Structure of Argument

At minimum, an argument consists of three parts:

  1. A claim,
  2. Reasons that support the claim, and
  3. Evidence that supports the reasons.

It is important that you understand how to identify and interpret these parts of an argument in source material you read as well as how to organize them in your own writing.

When conducting secondary research for a project, you likely will encounter a range of sources on your topic, both scholarly and non-scholarly. Some of those sources will present arguments, whereas others will not, particularly if their purpose is to inform rather than to persuade. We are focusing on recognizing argument in academic journal articles since those are required sources for the course this book is designed for, but they are also commonly required for other courses—composition and non-composition courses—as well. If you are able to identify the arguments the authors of the sources you consult are making, then you will be better able to evaluate the quality of those sources and their usefulness to your own projects. You should never integrate a source into your own writing unless you understand the claim or main point that is being made, since doing so is likely to result in misinterpretation and flawed reasoning. Further, if you understand the argument your authors are making, then you also will be able to better determine what effect the authors hope to accomplish: do they merely want you to accept their position (leading to a change in knowledge), or are they writing to enact behavioral change? Recognizing the authors’ likely purpose is an important part of reading effectively and appropriately representing source material in your own writing.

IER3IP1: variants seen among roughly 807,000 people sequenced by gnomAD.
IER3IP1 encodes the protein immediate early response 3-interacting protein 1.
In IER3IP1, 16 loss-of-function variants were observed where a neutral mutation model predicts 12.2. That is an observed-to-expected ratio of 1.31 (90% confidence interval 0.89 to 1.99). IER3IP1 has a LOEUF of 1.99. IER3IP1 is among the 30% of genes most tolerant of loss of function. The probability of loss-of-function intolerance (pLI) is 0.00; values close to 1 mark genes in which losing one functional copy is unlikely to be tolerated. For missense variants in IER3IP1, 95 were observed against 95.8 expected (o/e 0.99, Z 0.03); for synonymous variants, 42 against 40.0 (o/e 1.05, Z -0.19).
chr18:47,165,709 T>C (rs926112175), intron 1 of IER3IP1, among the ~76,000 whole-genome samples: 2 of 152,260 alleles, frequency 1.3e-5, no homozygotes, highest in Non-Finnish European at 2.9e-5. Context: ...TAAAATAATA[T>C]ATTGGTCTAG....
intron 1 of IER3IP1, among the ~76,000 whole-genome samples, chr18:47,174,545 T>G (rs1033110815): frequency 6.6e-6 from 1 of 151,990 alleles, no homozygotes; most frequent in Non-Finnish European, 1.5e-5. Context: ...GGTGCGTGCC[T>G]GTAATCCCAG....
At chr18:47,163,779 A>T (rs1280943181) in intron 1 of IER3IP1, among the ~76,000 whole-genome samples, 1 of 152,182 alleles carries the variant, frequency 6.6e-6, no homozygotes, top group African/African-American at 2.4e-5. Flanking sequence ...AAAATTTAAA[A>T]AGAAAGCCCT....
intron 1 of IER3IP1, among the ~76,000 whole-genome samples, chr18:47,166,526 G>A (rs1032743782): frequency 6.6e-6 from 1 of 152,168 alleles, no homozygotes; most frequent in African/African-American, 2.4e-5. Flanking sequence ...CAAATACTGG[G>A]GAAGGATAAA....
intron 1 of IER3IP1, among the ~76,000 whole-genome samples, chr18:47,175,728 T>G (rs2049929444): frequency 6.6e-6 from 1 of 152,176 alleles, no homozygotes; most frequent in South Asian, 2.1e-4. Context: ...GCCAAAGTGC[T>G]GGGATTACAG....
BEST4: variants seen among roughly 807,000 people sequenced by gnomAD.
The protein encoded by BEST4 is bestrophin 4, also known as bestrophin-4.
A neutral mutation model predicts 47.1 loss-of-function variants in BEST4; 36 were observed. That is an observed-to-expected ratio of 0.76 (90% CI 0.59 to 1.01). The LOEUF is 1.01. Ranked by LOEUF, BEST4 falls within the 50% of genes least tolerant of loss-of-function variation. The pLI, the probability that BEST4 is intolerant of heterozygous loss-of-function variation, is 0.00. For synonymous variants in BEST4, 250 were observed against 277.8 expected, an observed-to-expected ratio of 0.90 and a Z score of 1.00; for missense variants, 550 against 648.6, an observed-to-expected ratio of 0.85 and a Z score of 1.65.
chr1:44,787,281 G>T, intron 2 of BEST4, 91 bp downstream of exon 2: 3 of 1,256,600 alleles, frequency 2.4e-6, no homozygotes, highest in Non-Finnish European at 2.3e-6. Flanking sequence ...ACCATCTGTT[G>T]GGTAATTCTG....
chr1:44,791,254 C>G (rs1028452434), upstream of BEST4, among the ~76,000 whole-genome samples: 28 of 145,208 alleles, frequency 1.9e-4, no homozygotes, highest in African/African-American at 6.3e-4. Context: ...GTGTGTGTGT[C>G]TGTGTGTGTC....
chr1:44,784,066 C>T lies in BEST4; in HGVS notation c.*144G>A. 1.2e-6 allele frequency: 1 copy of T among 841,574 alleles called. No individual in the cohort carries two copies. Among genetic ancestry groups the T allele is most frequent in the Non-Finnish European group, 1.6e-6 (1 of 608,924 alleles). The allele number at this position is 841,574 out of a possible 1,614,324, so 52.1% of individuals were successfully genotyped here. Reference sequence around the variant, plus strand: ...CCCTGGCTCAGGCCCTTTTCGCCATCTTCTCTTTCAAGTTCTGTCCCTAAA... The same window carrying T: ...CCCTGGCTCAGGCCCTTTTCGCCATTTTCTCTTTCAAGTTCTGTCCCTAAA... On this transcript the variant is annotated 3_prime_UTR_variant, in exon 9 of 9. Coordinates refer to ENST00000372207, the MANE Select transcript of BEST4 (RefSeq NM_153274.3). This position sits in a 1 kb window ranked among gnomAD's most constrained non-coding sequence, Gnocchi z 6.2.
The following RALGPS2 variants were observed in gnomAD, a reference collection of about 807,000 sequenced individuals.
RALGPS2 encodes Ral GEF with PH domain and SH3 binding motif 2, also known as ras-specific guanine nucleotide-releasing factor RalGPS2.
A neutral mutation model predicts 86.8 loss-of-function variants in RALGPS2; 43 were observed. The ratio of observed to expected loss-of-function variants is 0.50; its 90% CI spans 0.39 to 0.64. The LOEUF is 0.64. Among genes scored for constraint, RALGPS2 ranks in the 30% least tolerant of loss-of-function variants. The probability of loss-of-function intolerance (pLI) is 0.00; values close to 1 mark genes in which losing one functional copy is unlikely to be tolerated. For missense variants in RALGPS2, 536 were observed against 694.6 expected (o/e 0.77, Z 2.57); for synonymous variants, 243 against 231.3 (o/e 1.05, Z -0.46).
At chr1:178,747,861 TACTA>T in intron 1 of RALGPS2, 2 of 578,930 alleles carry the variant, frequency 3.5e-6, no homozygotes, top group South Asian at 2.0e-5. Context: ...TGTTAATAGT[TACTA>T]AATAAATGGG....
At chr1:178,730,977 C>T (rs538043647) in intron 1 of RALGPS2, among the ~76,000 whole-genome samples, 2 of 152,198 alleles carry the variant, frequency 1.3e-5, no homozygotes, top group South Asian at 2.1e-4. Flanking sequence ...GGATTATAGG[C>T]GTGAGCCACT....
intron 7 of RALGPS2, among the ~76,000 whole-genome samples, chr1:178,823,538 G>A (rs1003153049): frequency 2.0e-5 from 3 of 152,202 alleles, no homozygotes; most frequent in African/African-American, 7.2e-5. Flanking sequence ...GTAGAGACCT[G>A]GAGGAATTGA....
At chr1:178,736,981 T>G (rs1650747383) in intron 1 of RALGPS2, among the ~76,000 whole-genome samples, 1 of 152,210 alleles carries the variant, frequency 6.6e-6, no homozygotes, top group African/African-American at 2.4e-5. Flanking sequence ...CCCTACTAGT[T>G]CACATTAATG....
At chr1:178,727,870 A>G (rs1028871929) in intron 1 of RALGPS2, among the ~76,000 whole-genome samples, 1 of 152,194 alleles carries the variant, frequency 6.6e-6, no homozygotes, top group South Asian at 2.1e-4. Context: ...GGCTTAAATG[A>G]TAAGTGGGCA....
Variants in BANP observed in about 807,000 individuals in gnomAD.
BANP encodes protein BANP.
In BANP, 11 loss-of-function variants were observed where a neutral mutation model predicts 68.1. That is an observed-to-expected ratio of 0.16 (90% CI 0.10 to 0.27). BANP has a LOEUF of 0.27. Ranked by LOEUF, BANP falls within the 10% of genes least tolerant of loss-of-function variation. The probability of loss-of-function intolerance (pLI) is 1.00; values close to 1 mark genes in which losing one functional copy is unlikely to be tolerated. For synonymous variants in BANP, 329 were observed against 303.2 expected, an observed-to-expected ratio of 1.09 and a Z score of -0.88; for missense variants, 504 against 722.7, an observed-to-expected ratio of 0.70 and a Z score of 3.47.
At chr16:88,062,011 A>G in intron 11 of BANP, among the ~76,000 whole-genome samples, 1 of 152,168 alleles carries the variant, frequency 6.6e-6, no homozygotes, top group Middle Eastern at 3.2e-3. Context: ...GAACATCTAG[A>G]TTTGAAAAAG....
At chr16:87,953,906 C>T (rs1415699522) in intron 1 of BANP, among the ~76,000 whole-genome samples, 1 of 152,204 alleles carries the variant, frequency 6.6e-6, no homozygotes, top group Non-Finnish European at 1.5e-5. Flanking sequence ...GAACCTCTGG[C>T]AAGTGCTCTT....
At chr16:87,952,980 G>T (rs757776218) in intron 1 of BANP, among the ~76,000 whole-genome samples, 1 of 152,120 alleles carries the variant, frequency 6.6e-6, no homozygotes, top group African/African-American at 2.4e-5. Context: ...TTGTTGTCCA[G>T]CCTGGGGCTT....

In addition, as you prepare your own argument-based writing, you need to carefully consider how to present your claim, reasons, and evidence to make your argument as successful as it can be. There is not one set formula to follow for organizing your argument; rather, you will need to make decisions based on the rhetorical situation as well as your own writing style and preferences. Further, sometimes your initial approach to organizing your argument will not be as impactful as it could and should be, regardless of how well you planned it, in which case you need to be willing to try a new way to approach the argument.